How the memory of my brother inspired charity: ex-Northern Ireland player
Former Northern Ireland and Manchester United footballer Pat McGibbon has admitted he didn't grieve properly when his brother Phillip took his own life.
McGibbon was 19 and aiming to carve out a professional career at Old Trafford under the guidance of Sir Alex Ferguson in 1993 when he received news that rocked his family.
- Footballers' Lives: Former Northern Ireland international Pat McGibbon talks about impact of brother's suicide
The Lurgan man said his brother's memory is the driving force behind his charity Train To Be Smart to promote mental health through sport.
Ferguson and former United and Republic of Ireland skipper Roy Keane have both helped McGibbon raise awareness and funds for the project.
The 44-year-old now acknowledges it has taken him a long time to come to terms with the loss of his brother.
"Even now people are uncomfortable when I bring up my brother's suicide," said McGibbon, who won seven Northern Ireland caps.
"I prefer to talk about it than not talk about it. At the time I talked to the United chaplain Ken Bowyer. I understood Phillip's problems and what led to him taking his own life.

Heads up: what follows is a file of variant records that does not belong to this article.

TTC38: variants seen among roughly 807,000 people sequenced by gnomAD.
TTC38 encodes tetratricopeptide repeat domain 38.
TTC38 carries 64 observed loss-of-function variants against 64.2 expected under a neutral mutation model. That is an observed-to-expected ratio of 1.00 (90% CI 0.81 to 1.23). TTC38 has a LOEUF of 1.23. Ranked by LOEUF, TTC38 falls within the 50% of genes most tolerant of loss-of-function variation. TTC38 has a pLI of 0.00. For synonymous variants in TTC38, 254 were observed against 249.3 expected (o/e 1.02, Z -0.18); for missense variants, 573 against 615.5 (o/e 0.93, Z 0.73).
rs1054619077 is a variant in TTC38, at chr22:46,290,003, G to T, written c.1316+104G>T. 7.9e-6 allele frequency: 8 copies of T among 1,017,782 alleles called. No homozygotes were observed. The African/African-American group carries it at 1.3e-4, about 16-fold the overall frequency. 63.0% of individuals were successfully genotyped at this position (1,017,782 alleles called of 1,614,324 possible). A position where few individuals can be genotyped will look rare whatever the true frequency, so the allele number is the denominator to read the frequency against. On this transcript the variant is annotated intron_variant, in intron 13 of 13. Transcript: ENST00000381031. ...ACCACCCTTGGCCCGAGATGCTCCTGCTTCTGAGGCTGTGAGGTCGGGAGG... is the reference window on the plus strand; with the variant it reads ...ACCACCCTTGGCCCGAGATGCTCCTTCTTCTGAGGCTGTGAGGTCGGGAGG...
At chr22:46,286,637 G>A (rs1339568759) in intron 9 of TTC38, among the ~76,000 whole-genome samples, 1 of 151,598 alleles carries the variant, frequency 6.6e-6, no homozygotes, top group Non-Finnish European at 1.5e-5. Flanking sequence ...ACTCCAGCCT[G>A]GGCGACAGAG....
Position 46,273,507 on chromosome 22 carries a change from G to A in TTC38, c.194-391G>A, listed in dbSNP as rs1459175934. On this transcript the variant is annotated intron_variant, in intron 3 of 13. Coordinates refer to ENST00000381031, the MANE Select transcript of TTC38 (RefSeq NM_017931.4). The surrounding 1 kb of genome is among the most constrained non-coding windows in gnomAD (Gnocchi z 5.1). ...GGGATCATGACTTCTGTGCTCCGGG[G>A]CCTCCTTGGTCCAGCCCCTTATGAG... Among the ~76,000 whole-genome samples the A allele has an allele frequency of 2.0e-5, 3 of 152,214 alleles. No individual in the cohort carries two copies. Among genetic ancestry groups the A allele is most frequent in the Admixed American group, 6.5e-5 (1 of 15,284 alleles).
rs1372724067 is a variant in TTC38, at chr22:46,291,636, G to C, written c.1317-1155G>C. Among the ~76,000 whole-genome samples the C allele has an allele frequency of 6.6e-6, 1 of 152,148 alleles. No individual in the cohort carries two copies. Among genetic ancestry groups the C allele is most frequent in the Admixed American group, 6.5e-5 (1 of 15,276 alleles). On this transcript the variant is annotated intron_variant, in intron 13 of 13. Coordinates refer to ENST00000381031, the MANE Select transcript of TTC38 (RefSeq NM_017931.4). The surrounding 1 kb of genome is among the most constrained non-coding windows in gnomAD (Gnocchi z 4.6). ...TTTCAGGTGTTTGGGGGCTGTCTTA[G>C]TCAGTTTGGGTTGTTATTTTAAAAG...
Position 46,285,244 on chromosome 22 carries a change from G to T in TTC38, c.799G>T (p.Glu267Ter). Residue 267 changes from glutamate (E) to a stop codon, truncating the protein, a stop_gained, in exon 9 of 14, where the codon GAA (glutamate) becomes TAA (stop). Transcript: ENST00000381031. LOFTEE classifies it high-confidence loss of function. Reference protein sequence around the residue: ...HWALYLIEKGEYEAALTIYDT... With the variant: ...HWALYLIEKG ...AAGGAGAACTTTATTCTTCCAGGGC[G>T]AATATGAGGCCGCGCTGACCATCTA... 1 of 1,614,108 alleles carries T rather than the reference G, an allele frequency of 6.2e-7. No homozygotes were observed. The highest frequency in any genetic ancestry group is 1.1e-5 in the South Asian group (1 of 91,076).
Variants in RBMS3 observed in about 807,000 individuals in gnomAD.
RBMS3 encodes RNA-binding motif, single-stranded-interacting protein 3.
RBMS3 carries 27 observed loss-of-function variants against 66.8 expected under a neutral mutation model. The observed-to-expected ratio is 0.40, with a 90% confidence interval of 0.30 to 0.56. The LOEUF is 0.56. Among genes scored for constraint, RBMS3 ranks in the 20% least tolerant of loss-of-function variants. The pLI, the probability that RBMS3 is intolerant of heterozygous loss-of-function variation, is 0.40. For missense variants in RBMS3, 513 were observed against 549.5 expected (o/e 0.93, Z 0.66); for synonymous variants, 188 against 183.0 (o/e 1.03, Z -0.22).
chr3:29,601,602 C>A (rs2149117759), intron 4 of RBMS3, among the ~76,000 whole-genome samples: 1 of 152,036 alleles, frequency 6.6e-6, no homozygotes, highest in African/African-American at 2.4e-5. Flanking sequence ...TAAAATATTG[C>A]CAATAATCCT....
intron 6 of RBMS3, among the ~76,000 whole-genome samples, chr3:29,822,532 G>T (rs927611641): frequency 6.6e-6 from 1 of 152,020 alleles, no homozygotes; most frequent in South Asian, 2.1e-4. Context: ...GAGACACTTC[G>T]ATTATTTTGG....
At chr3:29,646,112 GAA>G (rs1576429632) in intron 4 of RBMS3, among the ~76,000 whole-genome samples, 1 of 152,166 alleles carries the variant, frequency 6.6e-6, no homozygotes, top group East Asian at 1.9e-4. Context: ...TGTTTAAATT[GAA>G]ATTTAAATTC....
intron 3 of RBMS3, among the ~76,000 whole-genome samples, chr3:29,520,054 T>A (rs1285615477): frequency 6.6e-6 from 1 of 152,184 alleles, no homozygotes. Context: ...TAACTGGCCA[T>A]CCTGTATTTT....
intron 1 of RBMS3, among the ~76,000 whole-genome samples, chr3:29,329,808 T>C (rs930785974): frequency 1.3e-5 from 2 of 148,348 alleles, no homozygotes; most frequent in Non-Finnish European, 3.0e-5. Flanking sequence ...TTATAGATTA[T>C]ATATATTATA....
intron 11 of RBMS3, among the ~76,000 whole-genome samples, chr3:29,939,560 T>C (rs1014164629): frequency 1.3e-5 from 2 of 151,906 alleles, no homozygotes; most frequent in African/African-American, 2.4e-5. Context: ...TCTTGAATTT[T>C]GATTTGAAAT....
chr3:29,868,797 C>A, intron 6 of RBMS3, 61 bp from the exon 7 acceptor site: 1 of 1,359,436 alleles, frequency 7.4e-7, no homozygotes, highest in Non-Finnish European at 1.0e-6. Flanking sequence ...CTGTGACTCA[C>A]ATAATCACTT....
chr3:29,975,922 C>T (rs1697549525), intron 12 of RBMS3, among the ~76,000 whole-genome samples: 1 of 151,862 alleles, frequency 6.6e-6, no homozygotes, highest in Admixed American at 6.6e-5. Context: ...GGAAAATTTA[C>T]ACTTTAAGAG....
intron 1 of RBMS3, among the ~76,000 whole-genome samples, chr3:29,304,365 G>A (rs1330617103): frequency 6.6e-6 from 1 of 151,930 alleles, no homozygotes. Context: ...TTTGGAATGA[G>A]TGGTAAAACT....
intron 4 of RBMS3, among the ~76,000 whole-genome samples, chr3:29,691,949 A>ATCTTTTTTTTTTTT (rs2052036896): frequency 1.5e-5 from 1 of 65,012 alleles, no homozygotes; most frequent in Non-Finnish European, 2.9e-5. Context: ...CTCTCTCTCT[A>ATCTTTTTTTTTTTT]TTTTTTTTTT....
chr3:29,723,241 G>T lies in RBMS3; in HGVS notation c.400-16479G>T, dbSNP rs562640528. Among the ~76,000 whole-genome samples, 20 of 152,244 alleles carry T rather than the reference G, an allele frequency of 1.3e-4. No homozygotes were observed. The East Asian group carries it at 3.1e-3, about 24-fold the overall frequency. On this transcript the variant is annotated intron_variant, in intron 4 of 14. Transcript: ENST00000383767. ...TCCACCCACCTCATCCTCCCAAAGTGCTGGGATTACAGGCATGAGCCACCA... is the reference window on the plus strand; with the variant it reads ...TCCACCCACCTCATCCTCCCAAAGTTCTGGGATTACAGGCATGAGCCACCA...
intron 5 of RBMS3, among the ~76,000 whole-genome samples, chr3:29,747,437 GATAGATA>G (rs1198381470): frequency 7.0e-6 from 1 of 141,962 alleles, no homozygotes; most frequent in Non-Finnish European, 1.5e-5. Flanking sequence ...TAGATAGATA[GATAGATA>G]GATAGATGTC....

"I parked it somewhere in my mind and I didn't grieve properly. My mum Geraldine and dad Pat are great people, fantastic role models and they couldn't have done any more for Phillip.
"When I got the news he passed away it was the worst day of my life."
Around 200 kids in the Mid-Ulster area are now benefiting from McGibbon's charity.
"It's going back to my core values, family and sport," he added.
"The idea to do something in mental health came to me later in life. I didn't know enough about the human mind when Phillip passed away.
"Sir Alex and Roy Keane have supported the charity and they have been really helpful."
If you, or anyone close to you, is affected by the issues in this article, please contact the Samaritans free on 116123 or Lifeline on 080 8808 8000